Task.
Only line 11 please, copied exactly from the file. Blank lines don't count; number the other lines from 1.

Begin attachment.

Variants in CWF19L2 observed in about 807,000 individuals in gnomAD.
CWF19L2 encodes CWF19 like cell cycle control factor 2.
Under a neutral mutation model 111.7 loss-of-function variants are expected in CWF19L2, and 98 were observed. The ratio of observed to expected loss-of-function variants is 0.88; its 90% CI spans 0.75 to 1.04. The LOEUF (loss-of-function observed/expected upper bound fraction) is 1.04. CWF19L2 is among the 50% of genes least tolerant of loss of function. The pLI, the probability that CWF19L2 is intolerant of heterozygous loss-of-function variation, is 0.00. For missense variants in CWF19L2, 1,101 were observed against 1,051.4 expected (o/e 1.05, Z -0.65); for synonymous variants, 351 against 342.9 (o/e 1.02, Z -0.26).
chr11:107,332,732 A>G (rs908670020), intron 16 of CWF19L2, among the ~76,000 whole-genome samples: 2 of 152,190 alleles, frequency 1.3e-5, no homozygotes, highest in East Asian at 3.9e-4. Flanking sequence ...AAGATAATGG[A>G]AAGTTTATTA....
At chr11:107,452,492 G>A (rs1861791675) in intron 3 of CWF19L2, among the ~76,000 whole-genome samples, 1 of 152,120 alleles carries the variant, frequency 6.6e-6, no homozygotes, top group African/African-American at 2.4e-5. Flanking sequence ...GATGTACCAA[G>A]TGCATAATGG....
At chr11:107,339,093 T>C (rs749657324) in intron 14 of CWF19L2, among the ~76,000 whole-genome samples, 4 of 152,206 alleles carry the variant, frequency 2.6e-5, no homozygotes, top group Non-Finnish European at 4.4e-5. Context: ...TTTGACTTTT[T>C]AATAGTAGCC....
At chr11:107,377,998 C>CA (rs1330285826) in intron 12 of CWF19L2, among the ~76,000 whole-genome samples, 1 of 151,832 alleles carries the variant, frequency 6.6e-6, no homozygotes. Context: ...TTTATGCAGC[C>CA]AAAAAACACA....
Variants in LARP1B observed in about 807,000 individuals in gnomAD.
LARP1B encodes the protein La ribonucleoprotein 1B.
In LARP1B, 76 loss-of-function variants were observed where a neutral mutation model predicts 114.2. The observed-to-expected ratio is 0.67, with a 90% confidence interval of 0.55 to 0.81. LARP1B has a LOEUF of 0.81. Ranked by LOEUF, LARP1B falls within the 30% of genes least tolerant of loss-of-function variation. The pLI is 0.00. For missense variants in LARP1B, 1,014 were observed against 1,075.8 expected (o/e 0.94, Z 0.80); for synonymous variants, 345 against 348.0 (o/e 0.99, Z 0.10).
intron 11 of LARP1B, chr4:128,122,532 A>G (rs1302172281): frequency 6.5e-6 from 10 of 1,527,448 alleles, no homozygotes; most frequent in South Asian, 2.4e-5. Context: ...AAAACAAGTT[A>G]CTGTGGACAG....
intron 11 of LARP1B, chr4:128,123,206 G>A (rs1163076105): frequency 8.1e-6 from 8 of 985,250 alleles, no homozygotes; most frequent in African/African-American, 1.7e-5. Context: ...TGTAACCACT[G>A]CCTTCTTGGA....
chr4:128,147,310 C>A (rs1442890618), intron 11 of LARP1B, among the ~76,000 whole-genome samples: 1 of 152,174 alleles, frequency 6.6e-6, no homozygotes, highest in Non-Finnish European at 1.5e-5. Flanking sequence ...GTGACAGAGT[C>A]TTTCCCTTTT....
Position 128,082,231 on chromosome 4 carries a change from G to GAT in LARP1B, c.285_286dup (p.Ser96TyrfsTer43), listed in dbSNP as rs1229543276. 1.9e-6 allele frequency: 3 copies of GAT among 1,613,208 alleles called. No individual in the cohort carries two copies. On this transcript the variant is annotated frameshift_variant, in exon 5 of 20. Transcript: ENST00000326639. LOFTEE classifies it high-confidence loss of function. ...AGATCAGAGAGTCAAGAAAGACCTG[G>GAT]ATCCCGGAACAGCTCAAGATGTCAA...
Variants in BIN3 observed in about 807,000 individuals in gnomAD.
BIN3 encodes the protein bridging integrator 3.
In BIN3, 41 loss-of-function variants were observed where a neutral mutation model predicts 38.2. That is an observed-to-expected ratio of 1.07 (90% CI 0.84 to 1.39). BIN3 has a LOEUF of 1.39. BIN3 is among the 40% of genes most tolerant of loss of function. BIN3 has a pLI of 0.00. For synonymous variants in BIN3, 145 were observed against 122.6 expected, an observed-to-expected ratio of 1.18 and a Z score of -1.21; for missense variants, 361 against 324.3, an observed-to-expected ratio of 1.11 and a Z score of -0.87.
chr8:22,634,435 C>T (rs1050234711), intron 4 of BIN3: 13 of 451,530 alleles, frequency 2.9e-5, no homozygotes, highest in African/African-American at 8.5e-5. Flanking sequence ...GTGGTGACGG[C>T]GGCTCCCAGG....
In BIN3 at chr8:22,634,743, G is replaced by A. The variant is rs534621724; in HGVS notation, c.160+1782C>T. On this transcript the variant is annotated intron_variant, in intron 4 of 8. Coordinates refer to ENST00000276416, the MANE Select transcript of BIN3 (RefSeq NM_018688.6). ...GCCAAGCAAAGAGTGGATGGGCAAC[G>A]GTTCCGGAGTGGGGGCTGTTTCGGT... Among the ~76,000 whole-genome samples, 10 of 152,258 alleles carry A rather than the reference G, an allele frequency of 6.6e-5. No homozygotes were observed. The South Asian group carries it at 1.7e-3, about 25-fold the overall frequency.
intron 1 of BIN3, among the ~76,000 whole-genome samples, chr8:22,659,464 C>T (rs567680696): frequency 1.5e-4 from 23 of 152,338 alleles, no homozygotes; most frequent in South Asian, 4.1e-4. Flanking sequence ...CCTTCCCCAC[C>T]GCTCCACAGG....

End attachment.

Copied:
intron 11 of LARP1B, chr4:128,122,532 A>G (rs1302172281): frequency 6.5e-6 from 10 of 1,527,448 alleles, no homozygotes; most frequent in South Asian, 2.4e-5. Context: ...AAAACAAGTT[A>G]CTGTGGACAG....